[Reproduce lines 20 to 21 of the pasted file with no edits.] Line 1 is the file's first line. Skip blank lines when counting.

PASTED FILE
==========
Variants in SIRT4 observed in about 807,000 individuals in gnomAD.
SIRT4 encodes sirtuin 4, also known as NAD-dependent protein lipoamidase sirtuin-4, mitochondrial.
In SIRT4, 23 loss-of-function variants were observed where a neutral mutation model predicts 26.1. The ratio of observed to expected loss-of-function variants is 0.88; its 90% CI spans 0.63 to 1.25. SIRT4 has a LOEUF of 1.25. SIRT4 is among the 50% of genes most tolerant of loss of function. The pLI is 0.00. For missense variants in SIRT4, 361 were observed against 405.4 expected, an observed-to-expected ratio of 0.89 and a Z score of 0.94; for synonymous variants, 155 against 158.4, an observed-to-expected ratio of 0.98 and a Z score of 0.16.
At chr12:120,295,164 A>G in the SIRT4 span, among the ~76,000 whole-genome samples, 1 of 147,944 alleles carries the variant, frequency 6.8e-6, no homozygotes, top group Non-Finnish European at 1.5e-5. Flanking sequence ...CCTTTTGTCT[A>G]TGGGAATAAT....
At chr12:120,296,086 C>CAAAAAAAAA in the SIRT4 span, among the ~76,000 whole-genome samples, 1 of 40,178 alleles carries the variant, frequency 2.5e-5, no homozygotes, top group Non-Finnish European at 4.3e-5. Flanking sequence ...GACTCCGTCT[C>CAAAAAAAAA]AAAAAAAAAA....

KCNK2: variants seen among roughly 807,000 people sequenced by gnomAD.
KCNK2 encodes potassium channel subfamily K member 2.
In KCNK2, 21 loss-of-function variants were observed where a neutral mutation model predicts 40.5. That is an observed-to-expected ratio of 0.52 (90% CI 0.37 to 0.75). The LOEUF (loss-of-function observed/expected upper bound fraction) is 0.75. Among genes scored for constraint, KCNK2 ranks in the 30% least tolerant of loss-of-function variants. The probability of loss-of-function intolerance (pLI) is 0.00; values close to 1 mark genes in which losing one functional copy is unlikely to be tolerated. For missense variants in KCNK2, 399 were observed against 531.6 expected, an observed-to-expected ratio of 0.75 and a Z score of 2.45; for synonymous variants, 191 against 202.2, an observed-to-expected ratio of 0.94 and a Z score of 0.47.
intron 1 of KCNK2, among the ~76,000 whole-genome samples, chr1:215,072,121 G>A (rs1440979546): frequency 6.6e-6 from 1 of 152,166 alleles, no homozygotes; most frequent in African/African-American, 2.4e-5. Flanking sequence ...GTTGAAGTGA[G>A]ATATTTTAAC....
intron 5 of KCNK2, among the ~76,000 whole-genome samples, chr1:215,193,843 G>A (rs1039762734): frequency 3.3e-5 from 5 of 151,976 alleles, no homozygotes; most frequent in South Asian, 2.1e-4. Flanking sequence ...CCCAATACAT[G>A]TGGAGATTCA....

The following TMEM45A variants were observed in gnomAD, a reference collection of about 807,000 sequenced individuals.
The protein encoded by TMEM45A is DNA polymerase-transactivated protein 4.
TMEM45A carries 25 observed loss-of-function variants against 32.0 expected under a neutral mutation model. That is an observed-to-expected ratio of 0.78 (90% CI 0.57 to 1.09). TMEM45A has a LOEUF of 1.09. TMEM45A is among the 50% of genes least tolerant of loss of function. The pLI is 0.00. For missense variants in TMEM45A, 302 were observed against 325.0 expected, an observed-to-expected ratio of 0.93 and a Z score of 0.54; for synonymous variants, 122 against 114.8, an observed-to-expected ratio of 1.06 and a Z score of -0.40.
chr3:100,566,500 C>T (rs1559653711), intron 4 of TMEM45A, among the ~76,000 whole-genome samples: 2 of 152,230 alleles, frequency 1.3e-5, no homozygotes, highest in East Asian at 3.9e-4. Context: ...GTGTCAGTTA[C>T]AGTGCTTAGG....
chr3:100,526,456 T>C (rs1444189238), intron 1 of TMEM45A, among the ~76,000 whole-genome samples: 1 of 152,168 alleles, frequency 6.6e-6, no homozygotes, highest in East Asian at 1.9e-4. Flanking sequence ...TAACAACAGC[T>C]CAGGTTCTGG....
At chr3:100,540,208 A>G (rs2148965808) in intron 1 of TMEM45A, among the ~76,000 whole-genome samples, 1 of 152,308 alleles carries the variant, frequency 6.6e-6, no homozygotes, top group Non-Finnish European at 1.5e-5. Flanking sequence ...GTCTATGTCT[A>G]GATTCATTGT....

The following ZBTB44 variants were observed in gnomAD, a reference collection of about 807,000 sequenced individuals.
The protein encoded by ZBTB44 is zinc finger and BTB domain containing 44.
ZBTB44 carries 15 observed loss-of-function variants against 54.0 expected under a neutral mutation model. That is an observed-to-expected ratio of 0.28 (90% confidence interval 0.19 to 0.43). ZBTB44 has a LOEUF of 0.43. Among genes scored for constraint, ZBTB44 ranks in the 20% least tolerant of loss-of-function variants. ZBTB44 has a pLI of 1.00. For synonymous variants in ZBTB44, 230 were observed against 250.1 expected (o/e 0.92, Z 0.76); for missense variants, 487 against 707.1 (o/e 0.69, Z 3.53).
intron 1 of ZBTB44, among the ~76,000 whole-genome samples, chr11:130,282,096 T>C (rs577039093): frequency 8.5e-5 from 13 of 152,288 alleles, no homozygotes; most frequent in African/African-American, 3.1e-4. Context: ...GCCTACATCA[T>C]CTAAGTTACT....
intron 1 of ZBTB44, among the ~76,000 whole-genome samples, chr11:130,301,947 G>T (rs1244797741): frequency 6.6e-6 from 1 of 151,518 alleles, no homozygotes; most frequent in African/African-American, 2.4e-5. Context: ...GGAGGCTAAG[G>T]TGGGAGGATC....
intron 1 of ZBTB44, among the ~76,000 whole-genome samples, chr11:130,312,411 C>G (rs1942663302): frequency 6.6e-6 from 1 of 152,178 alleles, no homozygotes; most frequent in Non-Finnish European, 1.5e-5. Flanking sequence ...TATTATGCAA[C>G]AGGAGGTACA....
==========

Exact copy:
intron 1 of ZBTB44, among the ~76,000 whole-genome samples, chr11:130,282,096 T>C (rs577039093): frequency 8.5e-5 from 13 of 152,288 alleles, no homozygotes; most frequent in African/African-American, 3.1e-4. Context: ...GCCTACATCA[T>C]CTAAGTTACT....
intron 1 of ZBTB44, among the ~76,000 whole-genome samples, chr11:130,301,947 G>T (rs1244797741): frequency 6.6e-6 from 1 of 151,518 alleles, no homozygotes; most frequent in African/African-American, 2.4e-5. Context: ...GGAGGCTAAG[G>T]TGGGAGGATC....